What cover do you get on your travel insurance and what is excluded?

It may cover certain medical costs, delays or cancellations. Policy terms and conditions differ between providers, so always check carefully before you buy. If you are not clear about any terms and conditions, contact your provider before you travel, for your own peace of mind.

Check the level of protection each policy offers and ask yourself:

1. Do you need additional specialist cover?
You usually need specialist insurance for non-standard holidays that involve activities such as skiing or diving.

2. How much excess do you have to pay if you make a claim?
This is the first part of any insurance claim that you have to pay yourself. It is usually a fixed sum.

3. Are there any restrictions or exclusions?
Generally, if a cause is not specified, it will not be covered -  but always check your policy or ask your provider, especially if you are worried about particular risks.

Many travel insurance policies do not cover pre-existing conditions (suffered by you or immediate relatives) that happen when you are abroad, unless you tell the insurer in advance and they accept that risk.

Your provider may refuse you cover for certain illnesses or place an extra premium on your policy, but if you do not tell them the truth, any claim you may make will not be valid. If you travel against a doctor's advice, you may not be covered under your insurance.

Some unforeseen events or events outside human control are excluded from your policy. These can include ‘acts of god’ (floods, natural disasters, unforecast extreme weather conditions etc), war, or industrial action. Some policies offer options to include some non-standard items on your policy, for an additional cost. Generally speaking, you will not be covered under an existing policy if you travel to an area of political unrest, or if you travel to an area against the advice of the Irish Department of Foreign Affairs.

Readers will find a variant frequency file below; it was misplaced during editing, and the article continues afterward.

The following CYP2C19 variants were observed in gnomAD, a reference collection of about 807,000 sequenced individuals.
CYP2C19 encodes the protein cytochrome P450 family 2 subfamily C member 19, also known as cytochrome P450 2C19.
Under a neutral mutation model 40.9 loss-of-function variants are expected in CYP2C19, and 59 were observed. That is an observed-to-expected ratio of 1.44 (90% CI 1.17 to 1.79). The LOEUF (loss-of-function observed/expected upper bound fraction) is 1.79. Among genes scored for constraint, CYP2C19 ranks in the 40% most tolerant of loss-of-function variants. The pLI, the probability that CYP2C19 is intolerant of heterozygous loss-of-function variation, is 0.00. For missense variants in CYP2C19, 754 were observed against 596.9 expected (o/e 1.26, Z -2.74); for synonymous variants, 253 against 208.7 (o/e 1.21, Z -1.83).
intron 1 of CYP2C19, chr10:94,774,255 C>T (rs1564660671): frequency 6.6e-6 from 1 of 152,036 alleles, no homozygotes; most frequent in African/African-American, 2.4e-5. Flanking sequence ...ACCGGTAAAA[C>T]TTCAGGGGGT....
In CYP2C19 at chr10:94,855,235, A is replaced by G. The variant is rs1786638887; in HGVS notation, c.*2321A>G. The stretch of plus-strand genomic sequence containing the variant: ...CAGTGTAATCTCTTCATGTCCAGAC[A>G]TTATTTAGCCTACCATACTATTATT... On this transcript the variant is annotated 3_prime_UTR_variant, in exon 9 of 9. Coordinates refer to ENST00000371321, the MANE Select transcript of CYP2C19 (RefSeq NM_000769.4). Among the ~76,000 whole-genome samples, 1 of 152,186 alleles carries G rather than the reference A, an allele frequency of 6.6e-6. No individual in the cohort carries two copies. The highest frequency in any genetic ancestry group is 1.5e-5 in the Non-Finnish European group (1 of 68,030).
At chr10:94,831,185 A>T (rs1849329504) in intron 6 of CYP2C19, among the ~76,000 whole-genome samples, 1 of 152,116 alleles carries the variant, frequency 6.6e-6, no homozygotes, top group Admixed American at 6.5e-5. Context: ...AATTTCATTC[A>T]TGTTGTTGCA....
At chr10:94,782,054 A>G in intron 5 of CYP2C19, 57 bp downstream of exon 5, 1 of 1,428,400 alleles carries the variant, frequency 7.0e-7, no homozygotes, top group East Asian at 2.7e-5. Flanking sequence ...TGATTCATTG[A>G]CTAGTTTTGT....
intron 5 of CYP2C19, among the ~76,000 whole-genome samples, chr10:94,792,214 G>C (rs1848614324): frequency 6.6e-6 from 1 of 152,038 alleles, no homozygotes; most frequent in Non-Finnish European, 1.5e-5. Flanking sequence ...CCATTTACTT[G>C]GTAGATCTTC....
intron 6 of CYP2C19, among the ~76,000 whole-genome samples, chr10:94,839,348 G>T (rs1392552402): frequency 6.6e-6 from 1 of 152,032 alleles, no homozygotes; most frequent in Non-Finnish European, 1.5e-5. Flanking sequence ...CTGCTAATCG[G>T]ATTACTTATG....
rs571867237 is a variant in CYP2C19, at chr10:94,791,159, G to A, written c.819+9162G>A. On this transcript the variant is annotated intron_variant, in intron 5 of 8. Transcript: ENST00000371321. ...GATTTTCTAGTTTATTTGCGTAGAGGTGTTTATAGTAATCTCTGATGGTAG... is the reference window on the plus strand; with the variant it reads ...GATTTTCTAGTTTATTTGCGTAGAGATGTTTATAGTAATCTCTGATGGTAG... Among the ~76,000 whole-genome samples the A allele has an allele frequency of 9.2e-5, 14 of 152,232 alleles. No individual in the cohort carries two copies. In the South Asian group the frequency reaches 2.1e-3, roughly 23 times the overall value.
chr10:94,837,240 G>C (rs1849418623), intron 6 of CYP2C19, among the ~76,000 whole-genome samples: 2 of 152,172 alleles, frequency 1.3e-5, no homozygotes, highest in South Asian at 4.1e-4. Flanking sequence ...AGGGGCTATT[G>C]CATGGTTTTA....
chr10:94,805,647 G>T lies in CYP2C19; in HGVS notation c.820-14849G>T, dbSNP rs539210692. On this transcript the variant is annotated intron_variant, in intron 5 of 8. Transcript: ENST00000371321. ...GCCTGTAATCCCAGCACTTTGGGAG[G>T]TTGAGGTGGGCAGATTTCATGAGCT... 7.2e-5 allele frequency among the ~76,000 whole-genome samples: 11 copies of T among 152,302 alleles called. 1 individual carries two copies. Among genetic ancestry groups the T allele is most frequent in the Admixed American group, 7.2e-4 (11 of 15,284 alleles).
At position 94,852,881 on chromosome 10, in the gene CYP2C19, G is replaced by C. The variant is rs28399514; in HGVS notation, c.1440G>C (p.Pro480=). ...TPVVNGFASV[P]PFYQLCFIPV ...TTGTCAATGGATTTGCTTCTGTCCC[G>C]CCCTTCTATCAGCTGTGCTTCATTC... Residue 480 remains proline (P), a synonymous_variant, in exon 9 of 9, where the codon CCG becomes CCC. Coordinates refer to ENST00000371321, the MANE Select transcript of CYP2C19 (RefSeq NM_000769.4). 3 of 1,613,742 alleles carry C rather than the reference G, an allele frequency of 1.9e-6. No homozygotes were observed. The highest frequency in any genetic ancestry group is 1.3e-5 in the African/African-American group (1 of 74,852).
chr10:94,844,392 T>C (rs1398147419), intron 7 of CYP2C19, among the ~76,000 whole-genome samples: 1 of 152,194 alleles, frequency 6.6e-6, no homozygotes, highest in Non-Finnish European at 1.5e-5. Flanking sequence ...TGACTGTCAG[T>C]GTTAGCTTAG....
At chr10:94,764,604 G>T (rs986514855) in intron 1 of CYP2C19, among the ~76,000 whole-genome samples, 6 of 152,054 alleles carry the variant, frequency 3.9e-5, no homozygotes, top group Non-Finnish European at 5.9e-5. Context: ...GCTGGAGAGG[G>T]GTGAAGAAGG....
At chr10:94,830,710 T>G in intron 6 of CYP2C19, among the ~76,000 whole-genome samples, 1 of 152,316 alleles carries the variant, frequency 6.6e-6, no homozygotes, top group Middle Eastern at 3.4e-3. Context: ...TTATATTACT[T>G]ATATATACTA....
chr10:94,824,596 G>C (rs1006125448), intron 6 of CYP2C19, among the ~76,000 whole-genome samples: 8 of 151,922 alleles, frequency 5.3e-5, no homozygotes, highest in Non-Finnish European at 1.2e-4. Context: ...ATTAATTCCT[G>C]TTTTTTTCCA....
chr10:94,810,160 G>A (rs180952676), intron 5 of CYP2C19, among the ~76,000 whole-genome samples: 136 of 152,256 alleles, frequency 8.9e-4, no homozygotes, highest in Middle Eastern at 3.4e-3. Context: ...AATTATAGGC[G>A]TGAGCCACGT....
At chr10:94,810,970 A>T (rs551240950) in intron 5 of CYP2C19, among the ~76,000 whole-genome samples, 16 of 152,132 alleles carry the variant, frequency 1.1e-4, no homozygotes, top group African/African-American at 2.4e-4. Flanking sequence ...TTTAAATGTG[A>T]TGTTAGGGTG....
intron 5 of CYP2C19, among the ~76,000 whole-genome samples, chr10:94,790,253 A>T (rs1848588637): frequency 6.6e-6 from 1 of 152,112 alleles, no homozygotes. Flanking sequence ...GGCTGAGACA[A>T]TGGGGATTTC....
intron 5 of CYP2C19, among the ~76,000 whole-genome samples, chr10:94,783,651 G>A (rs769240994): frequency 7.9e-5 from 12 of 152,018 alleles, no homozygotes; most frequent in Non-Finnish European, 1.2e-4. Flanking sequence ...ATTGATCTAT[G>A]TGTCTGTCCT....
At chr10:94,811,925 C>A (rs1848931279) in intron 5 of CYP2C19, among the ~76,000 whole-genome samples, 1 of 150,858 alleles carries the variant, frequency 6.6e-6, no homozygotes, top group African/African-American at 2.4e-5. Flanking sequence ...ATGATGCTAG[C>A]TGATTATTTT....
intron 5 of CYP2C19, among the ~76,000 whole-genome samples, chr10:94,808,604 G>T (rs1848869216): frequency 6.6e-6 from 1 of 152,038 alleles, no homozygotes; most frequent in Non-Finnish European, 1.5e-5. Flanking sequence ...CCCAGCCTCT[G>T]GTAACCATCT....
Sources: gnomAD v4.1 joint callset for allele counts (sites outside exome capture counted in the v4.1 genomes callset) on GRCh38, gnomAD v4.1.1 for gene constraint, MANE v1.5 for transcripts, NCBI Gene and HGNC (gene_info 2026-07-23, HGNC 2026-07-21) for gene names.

What happens if something goes wrong before the holiday and it needs to be cancelled?

If you need to cancel your holiday before you go, check the terms and conditions of your travel insurance policy. You will have to meet the conditions of the policy before you can claim. This is why it's important to consider this when you are buying insurance.

What happens if the airline/tour operator goes out of business?

Check that the tour operator is a fully bonded company and is licensed by the Commission for Aviation Regulation before you book travel. If it is and the company goes out of business, the Commission will assess your claim for a refund, or arrange to get you home if you are stranded abroad or experience significant delays. You can get more information on your rights in our Travel section.

You may get some cover if you book your trip on your credit card. Check the terms and conditions of your credit card. 

For information on your rights when travelling, see our Travel section